Feed your chicks an equal amount of chopped banana and watermelon as an addition to other feed like rice bran or corn grits. Have it free choice - available at their own discretion and separate from your other feeds.

Herbal Water Supplement

Finely chop 100 grams of aloe vera and 100 grams of ginger, and mix with 100 grams of molasses and 100 ml of EM1. Ferment in 2 liters of water for 2 weeks. Filter this fermented solution and dilute 1:1 with water. Natural vinegar can be added at 1-3% by volume when you serve it to your chicks.

EMAS Water

“Effective Microorganisms Activated Solution” (EMAS ) water helps to aid digestion by guiding the enzyme process. To make EMAS water, we dilute EM with 200 parts of water, to create a ratio of 1:200. We feed EMAS water on demand.

Layer Strategies

AN 28 Chicken Fig 8.9
Figure 9: Preparing and feeding Aloha House birds “chicken salad”. 

At Aloha House, we always maintain a supply of grass, kang kong (morning glory), or other greens, to support layers’ egg production. We practice a Thai-style feeding regime for our adult birds that we learned in Saraburi called “chicken salad”. We add chopped greens (including azolla) on top of the morning feed ration (Figure 9). Layer chickens are large birds that are prone to exhaust their pasture and are often in need of additional greens. Serving your flock “chicken salad” provides them with a regular supply of nutrition beyond the fermented feed.

Our natural flock management includes the provision of greens, scratch, rationed feeds (fermented or mixed feed), and (starting at 18 weeks as indicated below) a free-choice source of calcium in the form of coarse, crushed limestone (1.5 mm – 3.5 mm). This means that we set out a diversity of options, including a source of calcium. It’s important to note that layer hens typically lay eggs in the morning, and finish forming the egg shells as they sleep; they pull calcium from their digestive tract, mainly the gizzard. They require coarse agricultural lime or other calcium carbonates such as clamshells (1.5 mm – 3.5 mm). While a starting ratio of 70% coarse to 30% finely-powdered livestock lime (<0.5 mm) is recommended in a commercial feed; according to Leiterman, “A general rule of thumb is to have at least a 50:50 ratio of coarse to fine particle size calcium in the diet. Since layers eat very little during darkness, it is critically important for good eggshell development that there be adequate amounts of calcium still in the gizzard during the hours of darkness when the eggshells are being formed” (Leiterman 2013). The birds choose and balance their own diet from the selection of goodies that we provide at Aloha House. With the availability of the extra, coarse limestone, our egg production has almost doubled and we have seen increased eggshell quality and strength.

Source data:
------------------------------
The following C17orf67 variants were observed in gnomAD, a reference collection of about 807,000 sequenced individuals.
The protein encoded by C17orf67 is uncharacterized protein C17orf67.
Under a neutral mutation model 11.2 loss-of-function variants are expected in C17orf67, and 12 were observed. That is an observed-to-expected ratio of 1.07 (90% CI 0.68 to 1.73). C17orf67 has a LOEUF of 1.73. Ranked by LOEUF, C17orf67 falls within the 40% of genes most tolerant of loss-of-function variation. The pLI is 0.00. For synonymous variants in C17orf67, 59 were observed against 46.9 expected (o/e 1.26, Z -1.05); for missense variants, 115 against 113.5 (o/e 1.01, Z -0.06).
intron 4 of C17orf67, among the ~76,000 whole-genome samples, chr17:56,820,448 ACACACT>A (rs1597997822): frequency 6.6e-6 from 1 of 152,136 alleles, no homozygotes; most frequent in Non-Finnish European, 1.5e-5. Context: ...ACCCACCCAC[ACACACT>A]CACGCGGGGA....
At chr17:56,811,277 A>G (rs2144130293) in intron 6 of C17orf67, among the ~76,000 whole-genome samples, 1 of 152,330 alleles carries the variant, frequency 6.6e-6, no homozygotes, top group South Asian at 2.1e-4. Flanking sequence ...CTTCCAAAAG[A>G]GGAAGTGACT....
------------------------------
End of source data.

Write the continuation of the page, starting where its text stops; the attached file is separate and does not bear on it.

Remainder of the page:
Ducks and Mixed Flocks

At Aloha House, we run Muscovy ducks on pasture with our chickens (Figure 10).

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Figure 10: Chickens and Muscovy ducks graze together at Aloha House.

They seem to forage differently, but do well together. We feed the ducks our basic feed ration but also provide a tub of water for hygiene so that they can clean themselves. Muskovy ducks are not big swimmers but do really well on grass! They also snatch flies out of the air. Local turkeys have also grazed well with our meat chickens, but the local Palawan Muscovy ducks we tried performed poorly in general. We will try again when we get a better breed!